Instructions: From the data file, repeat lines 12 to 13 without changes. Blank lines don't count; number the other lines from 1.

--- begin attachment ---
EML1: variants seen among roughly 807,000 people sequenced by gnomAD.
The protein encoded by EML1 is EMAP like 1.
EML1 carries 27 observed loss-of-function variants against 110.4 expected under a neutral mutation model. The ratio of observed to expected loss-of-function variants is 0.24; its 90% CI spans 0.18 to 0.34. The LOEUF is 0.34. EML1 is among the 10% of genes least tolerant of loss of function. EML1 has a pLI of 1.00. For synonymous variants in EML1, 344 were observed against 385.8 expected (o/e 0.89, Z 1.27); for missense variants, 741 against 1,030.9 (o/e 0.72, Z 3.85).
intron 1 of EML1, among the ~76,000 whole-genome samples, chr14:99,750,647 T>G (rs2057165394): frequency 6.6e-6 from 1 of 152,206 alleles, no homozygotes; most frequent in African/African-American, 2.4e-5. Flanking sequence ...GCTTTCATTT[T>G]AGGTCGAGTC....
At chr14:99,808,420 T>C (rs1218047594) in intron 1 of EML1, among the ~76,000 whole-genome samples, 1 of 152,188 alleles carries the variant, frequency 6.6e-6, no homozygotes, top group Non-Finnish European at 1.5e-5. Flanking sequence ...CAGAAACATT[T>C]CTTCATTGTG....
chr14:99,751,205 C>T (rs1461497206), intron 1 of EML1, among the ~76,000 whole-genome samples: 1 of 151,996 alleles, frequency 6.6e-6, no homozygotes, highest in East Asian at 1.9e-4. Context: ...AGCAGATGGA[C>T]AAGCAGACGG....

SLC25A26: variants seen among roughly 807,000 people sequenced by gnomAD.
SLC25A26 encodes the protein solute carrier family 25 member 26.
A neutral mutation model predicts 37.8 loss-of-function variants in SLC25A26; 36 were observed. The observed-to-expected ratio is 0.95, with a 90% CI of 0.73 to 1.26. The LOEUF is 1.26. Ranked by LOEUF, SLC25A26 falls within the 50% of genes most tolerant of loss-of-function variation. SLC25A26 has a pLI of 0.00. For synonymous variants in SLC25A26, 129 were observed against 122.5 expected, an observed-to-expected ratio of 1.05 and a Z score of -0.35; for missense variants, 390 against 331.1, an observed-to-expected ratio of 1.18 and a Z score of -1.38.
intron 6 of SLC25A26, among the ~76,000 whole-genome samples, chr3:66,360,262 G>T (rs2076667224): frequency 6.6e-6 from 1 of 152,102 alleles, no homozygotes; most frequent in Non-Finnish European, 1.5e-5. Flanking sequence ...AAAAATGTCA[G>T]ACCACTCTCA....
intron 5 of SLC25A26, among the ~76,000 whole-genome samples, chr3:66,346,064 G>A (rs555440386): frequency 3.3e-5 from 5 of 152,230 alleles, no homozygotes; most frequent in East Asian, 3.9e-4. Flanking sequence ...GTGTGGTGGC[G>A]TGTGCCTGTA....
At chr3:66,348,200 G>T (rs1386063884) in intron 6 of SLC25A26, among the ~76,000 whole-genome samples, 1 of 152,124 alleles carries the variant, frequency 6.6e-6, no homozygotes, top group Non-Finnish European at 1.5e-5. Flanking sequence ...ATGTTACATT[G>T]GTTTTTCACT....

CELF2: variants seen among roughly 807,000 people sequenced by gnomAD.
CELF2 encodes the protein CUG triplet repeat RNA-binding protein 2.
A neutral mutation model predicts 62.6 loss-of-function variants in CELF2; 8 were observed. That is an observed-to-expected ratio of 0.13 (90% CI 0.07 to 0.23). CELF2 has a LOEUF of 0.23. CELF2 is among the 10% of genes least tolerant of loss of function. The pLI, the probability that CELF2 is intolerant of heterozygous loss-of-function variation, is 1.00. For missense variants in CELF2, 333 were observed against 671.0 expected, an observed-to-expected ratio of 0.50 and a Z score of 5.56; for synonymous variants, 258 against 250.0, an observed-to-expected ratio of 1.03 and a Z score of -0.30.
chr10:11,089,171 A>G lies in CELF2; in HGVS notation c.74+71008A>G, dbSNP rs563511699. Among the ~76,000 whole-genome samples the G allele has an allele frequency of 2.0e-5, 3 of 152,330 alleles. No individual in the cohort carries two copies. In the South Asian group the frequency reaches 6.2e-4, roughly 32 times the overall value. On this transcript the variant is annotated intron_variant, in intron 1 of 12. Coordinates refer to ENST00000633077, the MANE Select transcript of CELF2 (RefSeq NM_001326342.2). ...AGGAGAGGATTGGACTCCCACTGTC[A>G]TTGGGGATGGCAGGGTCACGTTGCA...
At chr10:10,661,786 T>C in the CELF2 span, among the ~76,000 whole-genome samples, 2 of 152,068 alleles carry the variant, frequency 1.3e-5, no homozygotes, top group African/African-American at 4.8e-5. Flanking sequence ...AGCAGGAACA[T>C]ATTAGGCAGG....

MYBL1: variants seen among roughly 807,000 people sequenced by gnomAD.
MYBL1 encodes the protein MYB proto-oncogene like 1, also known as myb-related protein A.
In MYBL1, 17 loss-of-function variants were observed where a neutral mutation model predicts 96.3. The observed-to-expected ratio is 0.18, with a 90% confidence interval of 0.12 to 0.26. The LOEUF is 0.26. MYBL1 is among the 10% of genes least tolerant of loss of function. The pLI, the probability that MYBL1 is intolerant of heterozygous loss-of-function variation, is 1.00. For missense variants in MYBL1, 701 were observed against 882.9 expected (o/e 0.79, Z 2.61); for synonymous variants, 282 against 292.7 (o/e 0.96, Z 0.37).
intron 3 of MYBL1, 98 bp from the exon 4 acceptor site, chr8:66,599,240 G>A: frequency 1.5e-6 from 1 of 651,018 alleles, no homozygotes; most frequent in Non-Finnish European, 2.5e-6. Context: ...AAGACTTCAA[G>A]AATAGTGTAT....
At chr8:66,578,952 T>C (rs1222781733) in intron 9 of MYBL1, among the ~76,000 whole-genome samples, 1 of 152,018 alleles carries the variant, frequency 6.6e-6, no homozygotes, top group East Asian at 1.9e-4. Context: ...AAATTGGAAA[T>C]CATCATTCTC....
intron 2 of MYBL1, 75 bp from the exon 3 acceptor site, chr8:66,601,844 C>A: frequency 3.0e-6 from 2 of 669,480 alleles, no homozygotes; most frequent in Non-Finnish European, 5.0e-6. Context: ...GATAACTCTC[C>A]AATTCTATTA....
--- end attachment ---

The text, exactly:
At chr3:66,348,200 G>T (rs1386063884) in intron 6 of SLC25A26, among the ~76,000 whole-genome samples, 1 of 152,124 alleles carries the variant, frequency 6.6e-6, no homozygotes, top group Non-Finnish European at 1.5e-5. Flanking sequence ...ATGTTACATT[G>T]GTTTTTCACT....

CELF2: variants seen among roughly 807,000 people sequenced by gnomAD.